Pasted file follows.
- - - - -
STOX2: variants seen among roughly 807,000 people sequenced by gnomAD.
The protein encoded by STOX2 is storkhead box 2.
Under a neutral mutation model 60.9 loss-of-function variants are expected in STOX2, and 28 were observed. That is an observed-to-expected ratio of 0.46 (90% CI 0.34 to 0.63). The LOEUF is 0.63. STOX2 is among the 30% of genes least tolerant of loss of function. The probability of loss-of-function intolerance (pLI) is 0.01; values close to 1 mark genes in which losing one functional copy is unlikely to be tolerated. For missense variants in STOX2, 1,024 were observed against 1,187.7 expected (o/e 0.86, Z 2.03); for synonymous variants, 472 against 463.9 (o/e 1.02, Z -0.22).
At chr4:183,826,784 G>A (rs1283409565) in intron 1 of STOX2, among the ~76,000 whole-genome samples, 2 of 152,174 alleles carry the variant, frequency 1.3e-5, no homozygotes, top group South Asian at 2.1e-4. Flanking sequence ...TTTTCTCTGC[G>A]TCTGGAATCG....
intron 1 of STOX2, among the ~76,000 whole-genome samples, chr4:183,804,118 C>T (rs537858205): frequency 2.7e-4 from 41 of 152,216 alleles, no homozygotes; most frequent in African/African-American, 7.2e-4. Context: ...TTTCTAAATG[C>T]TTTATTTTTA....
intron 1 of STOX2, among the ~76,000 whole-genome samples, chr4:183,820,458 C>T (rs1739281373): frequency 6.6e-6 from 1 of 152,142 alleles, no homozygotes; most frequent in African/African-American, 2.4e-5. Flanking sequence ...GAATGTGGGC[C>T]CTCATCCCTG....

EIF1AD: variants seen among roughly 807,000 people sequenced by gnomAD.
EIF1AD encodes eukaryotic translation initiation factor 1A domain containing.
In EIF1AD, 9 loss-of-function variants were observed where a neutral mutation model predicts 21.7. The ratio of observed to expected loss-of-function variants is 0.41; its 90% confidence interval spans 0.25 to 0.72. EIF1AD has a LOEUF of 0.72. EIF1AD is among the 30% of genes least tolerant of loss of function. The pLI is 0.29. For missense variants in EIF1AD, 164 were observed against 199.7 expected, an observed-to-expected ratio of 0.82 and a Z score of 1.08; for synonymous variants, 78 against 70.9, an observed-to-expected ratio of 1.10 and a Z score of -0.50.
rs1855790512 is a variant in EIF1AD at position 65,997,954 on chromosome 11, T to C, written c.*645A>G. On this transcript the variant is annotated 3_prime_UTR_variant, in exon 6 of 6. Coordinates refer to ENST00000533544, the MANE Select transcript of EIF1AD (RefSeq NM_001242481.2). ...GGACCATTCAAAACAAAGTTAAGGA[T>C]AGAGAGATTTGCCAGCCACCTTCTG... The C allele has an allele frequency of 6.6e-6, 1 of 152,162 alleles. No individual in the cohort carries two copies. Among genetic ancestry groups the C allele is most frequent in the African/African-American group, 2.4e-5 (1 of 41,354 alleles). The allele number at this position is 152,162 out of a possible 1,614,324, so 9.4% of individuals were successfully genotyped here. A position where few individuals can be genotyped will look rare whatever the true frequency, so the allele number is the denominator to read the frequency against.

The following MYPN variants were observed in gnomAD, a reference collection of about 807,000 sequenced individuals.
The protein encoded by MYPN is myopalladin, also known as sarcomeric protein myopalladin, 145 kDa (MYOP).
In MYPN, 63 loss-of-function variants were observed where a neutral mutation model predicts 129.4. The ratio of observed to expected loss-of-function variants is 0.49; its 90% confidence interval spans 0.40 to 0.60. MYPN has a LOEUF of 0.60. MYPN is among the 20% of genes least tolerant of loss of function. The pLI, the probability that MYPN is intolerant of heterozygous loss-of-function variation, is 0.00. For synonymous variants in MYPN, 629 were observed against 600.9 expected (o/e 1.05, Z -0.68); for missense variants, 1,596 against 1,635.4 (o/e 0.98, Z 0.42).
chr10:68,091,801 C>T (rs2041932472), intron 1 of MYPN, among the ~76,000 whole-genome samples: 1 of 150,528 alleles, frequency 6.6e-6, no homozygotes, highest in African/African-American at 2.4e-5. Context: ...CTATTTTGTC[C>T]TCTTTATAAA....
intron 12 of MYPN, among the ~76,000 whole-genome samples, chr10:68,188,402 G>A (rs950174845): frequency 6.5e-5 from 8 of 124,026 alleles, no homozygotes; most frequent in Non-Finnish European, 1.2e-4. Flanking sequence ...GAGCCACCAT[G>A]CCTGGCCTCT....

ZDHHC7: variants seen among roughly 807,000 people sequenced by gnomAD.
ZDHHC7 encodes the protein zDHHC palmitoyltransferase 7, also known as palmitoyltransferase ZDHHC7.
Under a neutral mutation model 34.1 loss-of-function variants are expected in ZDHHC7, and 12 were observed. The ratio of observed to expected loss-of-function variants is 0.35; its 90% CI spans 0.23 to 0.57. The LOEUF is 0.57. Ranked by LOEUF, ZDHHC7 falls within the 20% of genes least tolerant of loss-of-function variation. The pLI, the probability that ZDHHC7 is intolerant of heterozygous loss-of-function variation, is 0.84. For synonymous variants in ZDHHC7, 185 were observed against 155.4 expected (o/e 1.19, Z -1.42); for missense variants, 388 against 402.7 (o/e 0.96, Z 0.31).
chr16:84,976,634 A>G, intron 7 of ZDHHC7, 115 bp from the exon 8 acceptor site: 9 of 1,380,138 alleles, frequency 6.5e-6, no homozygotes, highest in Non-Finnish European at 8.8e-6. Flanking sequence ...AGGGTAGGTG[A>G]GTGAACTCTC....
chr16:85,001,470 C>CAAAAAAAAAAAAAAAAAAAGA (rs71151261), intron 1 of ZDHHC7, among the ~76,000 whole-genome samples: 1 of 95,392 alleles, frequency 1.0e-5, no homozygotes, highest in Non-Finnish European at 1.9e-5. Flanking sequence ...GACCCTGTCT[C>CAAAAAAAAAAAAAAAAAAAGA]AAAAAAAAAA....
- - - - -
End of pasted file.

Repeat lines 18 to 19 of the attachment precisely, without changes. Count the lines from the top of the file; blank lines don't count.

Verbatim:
Under a neutral mutation model 34.1 loss-of-function variants are expected in ZDHHC7, and 12 were observed. The ratio of observed to expected loss-of-function variants is 0.35; its 90% CI spans 0.23 to 0.57. The LOEUF is 0.57. Ranked by LOEUF, ZDHHC7 falls within the 20% of genes least tolerant of loss-of-function variation. The pLI, the probability that ZDHHC7 is intolerant of heterozygous loss-of-function variation, is 0.84. For synonymous variants in ZDHHC7, 185 were observed against 155.4 expected (o/e 1.19, Z -1.42); for missense variants, 388 against 402.7 (o/e 0.96, Z 0.31).
chr16:84,976,634 A>G, intron 7 of ZDHHC7, 115 bp from the exon 8 acceptor site: 9 of 1,380,138 alleles, frequency 6.5e-6, no homozygotes, highest in Non-Finnish European at 8.8e-6. Flanking sequence ...AGGGTAGGTG[A>G]GTGAACTCTC....